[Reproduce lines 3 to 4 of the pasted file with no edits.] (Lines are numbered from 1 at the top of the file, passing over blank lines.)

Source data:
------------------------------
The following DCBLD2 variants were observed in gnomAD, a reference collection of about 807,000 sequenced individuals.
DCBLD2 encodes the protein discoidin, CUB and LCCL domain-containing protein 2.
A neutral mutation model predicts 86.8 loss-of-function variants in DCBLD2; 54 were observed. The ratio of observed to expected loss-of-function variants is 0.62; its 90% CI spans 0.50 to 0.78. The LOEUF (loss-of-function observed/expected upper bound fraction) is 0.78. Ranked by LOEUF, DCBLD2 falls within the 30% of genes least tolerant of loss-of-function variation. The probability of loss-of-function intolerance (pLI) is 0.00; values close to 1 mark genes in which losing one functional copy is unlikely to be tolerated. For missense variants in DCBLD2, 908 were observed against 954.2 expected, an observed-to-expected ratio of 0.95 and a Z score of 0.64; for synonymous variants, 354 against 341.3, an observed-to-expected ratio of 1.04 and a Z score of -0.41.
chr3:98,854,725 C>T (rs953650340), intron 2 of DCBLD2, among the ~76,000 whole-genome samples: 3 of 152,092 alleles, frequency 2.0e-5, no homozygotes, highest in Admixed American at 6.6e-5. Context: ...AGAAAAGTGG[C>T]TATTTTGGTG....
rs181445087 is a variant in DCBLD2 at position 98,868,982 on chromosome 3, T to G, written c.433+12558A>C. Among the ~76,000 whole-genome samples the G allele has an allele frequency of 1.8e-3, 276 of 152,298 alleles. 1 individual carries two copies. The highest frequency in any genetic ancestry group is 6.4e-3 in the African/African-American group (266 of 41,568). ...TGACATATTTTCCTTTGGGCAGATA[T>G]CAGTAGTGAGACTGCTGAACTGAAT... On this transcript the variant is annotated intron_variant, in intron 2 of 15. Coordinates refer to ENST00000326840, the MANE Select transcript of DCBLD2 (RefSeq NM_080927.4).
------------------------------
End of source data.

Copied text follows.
A neutral mutation model predicts 86.8 loss-of-function variants in DCBLD2; 54 were observed. The ratio of observed to expected loss-of-function variants is 0.62; its 90% CI spans 0.50 to 0.78. The LOEUF (loss-of-function observed/expected upper bound fraction) is 0.78. Ranked by LOEUF, DCBLD2 falls within the 30% of genes least tolerant of loss-of-function variation. The probability of loss-of-function intolerance (pLI) is 0.00; values close to 1 mark genes in which losing one functional copy is unlikely to be tolerated. For missense variants in DCBLD2, 908 were observed against 954.2 expected, an observed-to-expected ratio of 0.95 and a Z score of 0.64; for synonymous variants, 354 against 341.3, an observed-to-expected ratio of 1.04 and a Z score of -0.41.
chr3:98,854,725 C>T (rs953650340), intron 2 of DCBLD2, among the ~76,000 whole-genome samples: 3 of 152,092 alleles, frequency 2.0e-5, no homozygotes, highest in Admixed American at 6.6e-5. Context: ...AGAAAAGTGG[C>T]TATTTTGGTG....